MARKET RESEARCH: The Lie Detectors - Are questionnaire respondents telling the truth about what they think, but not what they really do?

Agencies want to know what people want, what they think, and what

they think they want. The problems start when you simply ask consumers a

question and expect an honest answer.



Freud believed people lied, both to others and to themselves, therefore

their answers to questions should never be taken at face value. While

academic feminists may consider him a phallocentric misogynist,

advertisers may show a greater appreciation of his Viennese musings and

their relevance to the questionnaire. Freud drew attention to the

knotted contrariness of the human condition, which he saw as consisting

of complex motives, mixed feelings and always being in two minds.



Being conscious is not to know what one wants, or to want what one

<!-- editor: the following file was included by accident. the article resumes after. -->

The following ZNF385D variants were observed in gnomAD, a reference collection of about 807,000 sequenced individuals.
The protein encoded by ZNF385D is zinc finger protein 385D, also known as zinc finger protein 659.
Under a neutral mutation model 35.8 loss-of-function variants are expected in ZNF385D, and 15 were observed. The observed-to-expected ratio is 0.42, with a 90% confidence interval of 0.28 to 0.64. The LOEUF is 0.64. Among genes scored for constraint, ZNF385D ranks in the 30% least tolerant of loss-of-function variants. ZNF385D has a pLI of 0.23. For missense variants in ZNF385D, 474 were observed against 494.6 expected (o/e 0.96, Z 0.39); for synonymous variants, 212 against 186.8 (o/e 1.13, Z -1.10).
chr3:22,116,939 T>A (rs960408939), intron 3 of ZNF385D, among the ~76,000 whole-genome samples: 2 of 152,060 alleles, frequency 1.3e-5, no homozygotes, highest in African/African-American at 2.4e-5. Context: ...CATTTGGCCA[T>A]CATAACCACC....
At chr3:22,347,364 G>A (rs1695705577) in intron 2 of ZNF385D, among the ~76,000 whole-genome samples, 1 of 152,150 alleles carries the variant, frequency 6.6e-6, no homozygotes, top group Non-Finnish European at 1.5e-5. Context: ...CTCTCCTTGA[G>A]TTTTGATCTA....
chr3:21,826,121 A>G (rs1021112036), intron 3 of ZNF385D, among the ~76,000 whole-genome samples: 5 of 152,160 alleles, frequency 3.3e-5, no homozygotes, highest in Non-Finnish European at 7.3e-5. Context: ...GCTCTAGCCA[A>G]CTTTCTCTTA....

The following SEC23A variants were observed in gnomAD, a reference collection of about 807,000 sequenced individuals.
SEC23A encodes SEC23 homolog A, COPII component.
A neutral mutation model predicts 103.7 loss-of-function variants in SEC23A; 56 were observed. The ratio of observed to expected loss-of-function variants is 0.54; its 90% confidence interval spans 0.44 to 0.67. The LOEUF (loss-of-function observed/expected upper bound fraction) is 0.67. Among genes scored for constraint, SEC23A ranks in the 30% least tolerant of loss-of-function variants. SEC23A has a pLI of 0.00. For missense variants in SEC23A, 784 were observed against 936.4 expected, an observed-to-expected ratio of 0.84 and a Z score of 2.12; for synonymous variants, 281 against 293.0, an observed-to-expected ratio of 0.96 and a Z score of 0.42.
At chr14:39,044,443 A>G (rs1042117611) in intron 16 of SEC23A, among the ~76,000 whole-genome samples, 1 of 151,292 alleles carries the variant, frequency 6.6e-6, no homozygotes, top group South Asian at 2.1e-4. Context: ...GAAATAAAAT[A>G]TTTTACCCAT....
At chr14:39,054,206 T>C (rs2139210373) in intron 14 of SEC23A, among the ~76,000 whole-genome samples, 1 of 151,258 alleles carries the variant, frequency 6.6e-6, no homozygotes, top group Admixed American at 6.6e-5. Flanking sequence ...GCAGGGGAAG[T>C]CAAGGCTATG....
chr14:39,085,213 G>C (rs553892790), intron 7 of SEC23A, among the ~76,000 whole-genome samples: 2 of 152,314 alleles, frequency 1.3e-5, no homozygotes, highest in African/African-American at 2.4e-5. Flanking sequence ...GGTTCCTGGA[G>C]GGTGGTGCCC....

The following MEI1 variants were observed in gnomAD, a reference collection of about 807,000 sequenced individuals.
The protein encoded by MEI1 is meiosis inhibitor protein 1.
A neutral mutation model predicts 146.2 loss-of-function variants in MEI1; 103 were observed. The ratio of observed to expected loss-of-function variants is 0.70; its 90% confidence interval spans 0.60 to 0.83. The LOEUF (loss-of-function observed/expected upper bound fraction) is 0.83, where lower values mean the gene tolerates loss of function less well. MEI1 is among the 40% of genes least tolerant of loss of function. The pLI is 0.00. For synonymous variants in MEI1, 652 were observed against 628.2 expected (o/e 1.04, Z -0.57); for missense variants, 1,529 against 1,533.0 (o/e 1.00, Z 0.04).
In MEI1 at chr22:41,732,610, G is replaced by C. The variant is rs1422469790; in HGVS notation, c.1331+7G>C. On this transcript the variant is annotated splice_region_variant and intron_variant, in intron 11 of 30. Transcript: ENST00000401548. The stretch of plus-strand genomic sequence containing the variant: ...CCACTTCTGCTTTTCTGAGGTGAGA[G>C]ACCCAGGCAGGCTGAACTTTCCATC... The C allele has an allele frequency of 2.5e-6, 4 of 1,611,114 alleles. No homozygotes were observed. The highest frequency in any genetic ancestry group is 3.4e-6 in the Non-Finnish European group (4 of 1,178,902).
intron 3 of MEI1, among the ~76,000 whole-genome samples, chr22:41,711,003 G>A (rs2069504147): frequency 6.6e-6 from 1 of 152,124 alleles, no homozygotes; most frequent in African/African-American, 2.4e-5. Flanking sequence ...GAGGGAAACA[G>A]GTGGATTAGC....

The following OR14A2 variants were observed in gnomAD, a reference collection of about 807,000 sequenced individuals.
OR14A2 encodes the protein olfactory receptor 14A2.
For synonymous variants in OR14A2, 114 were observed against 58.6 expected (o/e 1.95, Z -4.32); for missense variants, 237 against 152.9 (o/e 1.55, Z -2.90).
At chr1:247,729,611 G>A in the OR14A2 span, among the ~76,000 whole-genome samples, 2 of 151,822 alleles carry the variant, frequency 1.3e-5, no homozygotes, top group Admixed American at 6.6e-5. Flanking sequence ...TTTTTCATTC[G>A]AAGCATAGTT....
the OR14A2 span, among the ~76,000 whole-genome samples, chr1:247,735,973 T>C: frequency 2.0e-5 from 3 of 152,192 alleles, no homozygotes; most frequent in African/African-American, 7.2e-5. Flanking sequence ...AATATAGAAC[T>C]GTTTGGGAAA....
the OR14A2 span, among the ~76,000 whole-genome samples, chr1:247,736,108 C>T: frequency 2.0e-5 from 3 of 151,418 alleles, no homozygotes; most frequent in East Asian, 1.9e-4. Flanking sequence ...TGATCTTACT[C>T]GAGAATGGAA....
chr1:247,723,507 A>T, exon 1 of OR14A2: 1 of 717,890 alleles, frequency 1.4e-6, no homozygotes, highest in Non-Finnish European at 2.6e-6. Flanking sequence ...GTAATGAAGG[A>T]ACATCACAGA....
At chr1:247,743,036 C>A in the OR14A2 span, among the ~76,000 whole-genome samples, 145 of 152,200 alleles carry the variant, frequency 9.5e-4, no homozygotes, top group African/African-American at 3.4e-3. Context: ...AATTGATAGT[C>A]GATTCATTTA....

knows.



However, when it comes to answering questionnaires, contrariness and

being in two minds are not what the market demands. Clients are

impressed by quantified results - they look and feel impressive.



While social psychologists often use questionnaires in their research,

their competitors in physiological psychology often expose the disparity

between what people say versus what their body is saying. The "lie

detector" is the most well-known example and other forms of

physiological monitoring have revealed glaring economies of truth among

people answering questionnaires.



The most pronounced effects occur when probing topics that are more

politically or personally sensitive. For example, in one study subjects